You can learn how Redis persistence works on this page, however what is important to understand for a quick start is that by default, if you start Redis with the default configuration, Redis will spontaneously save the dataset only from time to time (for instance after at least five minutes if you have at least 100 changes in your data), so if you want your database to persist and be reloaded after a restart make sure to call the SAVE command manually every time you want to force a data set snapshot. Otherwise make sure to shutdown the database using the SHUTDOWN command:
This way Redis will make sure to save the data on disk before quitting. Reading the persistence page is strongly suggested in order to better understand how Redis persistence works.
Docker Install Redis Cluster
Running Redis from the command line is fine just to hack a bit with it or for development. However at some point you'll have some actual application to run on a real server. For this kind of usage you have two different choices:
- Run Redis using screen.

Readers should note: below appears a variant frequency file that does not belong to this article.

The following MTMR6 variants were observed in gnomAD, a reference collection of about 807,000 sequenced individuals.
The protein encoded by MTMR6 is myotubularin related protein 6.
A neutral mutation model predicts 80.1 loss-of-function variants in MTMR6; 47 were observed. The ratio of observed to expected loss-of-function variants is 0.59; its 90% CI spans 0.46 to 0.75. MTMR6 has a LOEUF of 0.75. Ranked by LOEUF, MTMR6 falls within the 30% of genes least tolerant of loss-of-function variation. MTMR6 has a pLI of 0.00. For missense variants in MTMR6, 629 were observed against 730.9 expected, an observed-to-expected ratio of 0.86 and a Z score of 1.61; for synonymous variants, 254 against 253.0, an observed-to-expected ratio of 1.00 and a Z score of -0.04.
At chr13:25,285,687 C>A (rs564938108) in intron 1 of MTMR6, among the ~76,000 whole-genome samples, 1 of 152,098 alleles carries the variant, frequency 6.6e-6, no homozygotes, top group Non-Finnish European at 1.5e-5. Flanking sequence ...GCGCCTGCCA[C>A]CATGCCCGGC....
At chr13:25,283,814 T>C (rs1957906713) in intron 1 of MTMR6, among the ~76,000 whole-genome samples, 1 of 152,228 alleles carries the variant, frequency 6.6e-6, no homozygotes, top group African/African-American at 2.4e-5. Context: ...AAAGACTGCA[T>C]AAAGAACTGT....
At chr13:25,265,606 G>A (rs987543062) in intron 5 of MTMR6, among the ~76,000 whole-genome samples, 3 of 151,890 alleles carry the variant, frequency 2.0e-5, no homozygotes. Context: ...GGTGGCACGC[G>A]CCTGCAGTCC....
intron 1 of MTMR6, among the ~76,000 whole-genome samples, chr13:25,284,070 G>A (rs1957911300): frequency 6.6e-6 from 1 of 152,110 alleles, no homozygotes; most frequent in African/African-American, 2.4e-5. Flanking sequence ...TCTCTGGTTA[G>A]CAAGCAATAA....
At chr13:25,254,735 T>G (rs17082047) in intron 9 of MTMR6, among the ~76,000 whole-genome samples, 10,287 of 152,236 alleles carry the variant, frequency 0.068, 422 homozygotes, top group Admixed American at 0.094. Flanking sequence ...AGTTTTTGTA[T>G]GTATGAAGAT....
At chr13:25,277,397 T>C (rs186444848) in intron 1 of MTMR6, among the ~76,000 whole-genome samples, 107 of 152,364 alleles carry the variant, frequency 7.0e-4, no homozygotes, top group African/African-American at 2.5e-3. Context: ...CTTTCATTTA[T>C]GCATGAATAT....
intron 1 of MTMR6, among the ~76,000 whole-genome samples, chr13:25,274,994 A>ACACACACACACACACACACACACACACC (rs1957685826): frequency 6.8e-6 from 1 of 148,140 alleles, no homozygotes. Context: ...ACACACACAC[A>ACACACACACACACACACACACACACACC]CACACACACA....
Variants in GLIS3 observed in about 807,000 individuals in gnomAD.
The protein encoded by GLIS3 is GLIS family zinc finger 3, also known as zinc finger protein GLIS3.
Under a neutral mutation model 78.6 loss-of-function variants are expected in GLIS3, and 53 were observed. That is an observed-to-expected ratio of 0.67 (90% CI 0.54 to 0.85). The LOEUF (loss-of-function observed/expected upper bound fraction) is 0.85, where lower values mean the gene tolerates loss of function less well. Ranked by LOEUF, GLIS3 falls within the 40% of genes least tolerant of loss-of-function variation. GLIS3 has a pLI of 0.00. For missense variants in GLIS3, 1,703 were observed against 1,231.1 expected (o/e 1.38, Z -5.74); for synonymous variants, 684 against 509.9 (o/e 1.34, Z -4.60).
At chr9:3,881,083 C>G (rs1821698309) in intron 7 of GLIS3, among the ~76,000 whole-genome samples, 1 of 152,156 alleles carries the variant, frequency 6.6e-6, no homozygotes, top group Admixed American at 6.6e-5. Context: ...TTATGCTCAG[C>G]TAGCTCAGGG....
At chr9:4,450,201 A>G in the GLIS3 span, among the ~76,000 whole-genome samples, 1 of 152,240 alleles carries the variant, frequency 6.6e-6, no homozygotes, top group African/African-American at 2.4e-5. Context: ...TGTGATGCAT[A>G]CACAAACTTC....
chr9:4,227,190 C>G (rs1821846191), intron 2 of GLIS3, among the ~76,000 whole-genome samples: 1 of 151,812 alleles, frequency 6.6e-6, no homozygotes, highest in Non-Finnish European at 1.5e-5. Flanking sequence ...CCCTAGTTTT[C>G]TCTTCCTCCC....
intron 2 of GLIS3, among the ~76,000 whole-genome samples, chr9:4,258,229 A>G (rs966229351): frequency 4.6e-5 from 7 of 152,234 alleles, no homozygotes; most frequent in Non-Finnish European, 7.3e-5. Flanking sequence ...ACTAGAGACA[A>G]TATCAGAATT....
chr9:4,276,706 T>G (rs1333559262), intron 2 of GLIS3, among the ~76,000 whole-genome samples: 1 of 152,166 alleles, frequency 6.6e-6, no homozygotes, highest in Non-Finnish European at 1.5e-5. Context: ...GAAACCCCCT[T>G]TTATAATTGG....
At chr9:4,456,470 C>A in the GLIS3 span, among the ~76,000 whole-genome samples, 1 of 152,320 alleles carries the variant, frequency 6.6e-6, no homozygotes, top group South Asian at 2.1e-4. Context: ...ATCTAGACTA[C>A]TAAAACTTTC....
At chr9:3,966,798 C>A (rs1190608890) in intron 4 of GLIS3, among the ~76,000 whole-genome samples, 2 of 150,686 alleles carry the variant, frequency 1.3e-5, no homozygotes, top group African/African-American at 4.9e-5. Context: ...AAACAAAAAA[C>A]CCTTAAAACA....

- Install Redis in your Linux box in a proper way using an init script, so that after a restart everything will start again properly.
A proper install using an init script is strongly suggested. The following instructions can be used to perform a proper installation using the init script shipped with Redis 2.4 in a Debian or Ubuntu based distribution.
We assume you already copied redis-server and redis-cli executables under /usr/local/bin.
Create a directory in which to store your Redis config files and your data:
Copy the init script that you'll find in the Redis distribution under the utils directory into /etc/init.d. We suggest calling it with the name of the port where you are running this instance of Redis. For example:
Edit the init script.
Make sure to modify REDISPORT accordingly to the port you are using. Both the pid file path and the configuration file name depend on the port number.
Copy the template configuration file you'll find in the root directory of the Redis distribution into /etc/redis/ using the port number as name, for instance:
Create a directory inside /var/redis that will work as data and working directory for this Redis instance:
Edit the configuration file, making sure to perform the following changes:
- Set daemonize to yes (by default it is set to no).
- Set the pidfile to
/var/run/redis_6379.pid(modify the port if needed).